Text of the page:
1. Limited time only! Sign up for a free 30min personal tutor trial with Chegg Tutors
    Dismiss Notice
Dismiss Notice
Join Physics Forums Today!
The friendliest, high quality science and math community on the planet! Everyone who loves science is here!

Integrate f(z) = Re(z) along contour of the square

  1. Mar 15, 2015 #1
    1. The problem statement, all variables and given/known data

    Integrate f(z) = Re(z) = [itex] \frac{z+\bar{z}}{2}[/itex] along the contour of the square {z = x + iy | |x| ≤ 1, |y| ≤ 1} with counterclockwise rotation.

    2. Relevant equations

    Cj: φj(t) = z0 + (z1 - z0)t

    C1: 1 -i + 2it
    C2: 1 +i - 2t
    C3: -1 +i - 2it
    C4: -1 -i + 2t

    3. The attempt at a solution

    If I'm not mistaken, because of linearity, I can simply integrate the real parts of parametrizations.
     
    Last edited: Mar 15, 2015
  2. jcsd
  3. Mar 15, 2015 #2

    Ray Vickson

    User Avatar
    Science Advisor
    Homework Helper

    Try it and see what you get.

    For TeX/LaTex commands: the command to get ##\bar{z}## is "\ b a r {z}" (no spaces). Also, the command "a^ bc " (no spaces) produces ##a^bc##. If you want more than one symbol in a superscript or a subscript, use { }, like this: 'a ^ {b c}" no spaces; that gives ##a^{bc}##.
     
  4. Mar 15, 2015 #3
    Thanks. I fixed the z-bar. I'm not quite sure that I'm handling everything correctly.

    ∫ f(z) dz = ∫ f ° φ(t)φ' (t) dt

    I get 0, 0, 0, and -1. I think this is somehow related to the fact that it's a closed curve with one loop around the origin and the area of the curve itself.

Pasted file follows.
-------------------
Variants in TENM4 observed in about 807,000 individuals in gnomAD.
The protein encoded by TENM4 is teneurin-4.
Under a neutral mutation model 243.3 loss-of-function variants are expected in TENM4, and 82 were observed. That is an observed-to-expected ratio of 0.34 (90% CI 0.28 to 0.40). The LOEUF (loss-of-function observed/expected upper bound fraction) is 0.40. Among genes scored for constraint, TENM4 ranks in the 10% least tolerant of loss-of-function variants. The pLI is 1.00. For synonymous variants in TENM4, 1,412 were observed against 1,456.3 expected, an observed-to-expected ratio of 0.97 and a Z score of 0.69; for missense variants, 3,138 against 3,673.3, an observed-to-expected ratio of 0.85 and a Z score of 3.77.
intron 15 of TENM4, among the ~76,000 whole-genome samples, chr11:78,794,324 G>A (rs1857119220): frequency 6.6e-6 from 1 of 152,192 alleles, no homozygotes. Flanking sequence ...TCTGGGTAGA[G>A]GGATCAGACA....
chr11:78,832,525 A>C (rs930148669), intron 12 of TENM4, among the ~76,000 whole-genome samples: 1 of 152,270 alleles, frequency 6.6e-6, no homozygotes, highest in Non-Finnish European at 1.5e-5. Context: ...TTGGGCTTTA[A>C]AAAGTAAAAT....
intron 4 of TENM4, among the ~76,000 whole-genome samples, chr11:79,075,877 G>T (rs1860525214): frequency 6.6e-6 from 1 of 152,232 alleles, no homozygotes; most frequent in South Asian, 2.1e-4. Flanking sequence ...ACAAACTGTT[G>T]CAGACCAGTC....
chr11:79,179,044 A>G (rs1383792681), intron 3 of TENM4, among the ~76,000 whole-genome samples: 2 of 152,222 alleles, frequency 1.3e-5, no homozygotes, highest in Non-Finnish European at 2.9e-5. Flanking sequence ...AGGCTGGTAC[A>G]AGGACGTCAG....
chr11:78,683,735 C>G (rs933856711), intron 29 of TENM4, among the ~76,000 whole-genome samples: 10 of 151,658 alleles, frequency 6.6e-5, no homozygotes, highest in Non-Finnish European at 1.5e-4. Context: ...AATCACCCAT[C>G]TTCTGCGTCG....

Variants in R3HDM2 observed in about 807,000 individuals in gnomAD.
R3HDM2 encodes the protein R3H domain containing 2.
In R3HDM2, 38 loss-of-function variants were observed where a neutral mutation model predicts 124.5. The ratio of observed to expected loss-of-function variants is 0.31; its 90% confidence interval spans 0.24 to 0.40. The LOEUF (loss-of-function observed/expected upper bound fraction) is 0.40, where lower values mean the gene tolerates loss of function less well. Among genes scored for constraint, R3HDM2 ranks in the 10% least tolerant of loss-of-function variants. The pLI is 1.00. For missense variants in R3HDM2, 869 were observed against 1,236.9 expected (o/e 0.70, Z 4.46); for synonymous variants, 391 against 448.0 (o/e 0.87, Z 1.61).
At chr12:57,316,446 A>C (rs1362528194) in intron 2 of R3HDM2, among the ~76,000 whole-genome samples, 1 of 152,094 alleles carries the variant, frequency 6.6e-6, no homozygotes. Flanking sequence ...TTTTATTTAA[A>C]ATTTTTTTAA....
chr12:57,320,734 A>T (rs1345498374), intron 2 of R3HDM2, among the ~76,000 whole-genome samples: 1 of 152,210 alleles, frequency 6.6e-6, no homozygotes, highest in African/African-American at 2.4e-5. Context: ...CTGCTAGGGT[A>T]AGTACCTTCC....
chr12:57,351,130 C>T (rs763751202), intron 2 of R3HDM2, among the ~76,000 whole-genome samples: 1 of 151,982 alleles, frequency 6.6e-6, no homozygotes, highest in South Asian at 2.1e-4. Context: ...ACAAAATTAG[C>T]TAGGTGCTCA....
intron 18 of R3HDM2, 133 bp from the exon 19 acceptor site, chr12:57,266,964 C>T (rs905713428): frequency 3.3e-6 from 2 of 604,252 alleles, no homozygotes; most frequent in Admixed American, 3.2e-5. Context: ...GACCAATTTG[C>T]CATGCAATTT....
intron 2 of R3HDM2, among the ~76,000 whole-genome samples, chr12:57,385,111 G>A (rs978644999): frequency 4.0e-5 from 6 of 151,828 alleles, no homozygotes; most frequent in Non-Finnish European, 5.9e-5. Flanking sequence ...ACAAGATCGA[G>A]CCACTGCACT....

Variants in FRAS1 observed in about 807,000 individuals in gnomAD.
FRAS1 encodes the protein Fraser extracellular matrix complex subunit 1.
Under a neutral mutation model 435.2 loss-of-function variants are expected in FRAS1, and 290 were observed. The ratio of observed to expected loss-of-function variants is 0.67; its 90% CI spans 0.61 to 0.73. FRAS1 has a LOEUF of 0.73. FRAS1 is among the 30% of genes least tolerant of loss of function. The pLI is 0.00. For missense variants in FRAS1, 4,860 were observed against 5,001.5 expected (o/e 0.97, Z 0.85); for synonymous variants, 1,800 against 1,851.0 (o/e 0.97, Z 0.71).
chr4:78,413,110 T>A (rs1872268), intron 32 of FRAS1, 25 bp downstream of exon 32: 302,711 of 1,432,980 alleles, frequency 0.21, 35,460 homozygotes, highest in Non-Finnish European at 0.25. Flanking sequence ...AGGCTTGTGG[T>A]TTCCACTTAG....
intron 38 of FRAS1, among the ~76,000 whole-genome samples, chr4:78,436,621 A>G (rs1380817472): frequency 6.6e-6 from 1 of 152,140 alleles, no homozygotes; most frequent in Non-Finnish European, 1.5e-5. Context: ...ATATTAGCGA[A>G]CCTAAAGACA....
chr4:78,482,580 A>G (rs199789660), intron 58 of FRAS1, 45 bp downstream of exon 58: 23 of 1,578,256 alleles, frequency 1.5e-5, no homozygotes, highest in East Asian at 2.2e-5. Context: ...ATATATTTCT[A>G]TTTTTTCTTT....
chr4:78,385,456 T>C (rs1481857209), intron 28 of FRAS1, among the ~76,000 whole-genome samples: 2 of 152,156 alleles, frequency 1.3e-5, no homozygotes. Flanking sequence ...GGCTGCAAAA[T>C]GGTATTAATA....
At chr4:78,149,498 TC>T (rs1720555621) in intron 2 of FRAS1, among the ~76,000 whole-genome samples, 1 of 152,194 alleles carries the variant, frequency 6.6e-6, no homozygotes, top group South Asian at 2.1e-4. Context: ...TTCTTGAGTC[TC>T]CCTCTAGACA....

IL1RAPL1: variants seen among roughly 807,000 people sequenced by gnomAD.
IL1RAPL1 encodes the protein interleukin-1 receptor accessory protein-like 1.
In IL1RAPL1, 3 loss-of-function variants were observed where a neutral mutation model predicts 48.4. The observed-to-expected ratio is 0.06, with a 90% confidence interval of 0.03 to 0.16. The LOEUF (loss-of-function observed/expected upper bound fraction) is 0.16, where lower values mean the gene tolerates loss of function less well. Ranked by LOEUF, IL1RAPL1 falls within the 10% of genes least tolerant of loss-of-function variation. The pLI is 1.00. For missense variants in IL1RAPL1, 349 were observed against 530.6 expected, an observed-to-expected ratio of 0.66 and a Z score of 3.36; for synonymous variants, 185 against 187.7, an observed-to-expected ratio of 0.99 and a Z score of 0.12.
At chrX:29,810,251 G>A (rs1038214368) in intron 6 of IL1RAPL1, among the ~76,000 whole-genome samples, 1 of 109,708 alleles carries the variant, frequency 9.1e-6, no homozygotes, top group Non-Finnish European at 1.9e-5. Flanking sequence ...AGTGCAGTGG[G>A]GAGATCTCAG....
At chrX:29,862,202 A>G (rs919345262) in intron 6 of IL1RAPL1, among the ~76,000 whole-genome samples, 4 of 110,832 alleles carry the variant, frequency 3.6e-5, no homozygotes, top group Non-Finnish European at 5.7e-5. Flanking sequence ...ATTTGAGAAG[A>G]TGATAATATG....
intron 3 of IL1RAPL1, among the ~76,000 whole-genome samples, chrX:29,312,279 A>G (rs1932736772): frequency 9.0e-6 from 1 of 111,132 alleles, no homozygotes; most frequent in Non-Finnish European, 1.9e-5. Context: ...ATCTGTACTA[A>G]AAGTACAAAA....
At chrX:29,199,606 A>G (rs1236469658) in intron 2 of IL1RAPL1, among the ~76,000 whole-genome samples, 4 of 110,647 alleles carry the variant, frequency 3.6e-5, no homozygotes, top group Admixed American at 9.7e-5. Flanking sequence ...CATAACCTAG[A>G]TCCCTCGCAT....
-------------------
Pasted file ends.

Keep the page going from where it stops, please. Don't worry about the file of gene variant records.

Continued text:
Last edited: Mar 15, 2015
  5. Mar 15, 2015 #4

    Ray Vickson

    User Avatar
    Science Advisor
    Homework Helper

    If I were doing it I would stay away from parametrization via t, and just deal directly with ##\int f(z)\, dz## as a standard limit like
    [tex] \lim_{||P|| \to 0} \sum_{z_i \in P} f(z_i) (z_{i+1} - z_i). [/tex]
    Here, ##P = P_n = [z_1, z_2,... z_n]## is a partition of the integration path and ##||P||## denotes something like ##\max_i |z_{i+1} - z_i|.## Basically, ##dz = dx + i dy##. If you use a parametrization ##z = \varphi(t)##, you need to be careful about keeping the "velocity" constant; otherwise, a ##dt## in one part of the path could give a different ##|dz|## than the same ##dt## in another part of the path. That could lead to things like violations in Cauchy's Theorem, etc. Of course, parametrization would be OK if it were done very carefully, but then it might be more trouble that it is worth.
     
  6. Mar 15, 2015 #5
    Ah, that's right. It's easy when the velocity is one.

    Oh, I forgot to mention that I found the dt for each parametrization.

    So, something like this - (1)(2i) + (1)(-2) + (-1)(-2i) + (1)(2)?

    Using both approaches, I get zero. I guess that it means sense because it's a closed curve.
     
    Last edited: Mar 15, 2015
Know someone interested in this topic? Share this thread via Reddit, Google+, Twitter, or Facebook

Have something to add?
Draft saved Draft deleted



Similar Discussions: Integrate f(z) = Re(z) along contour of the square
Loading...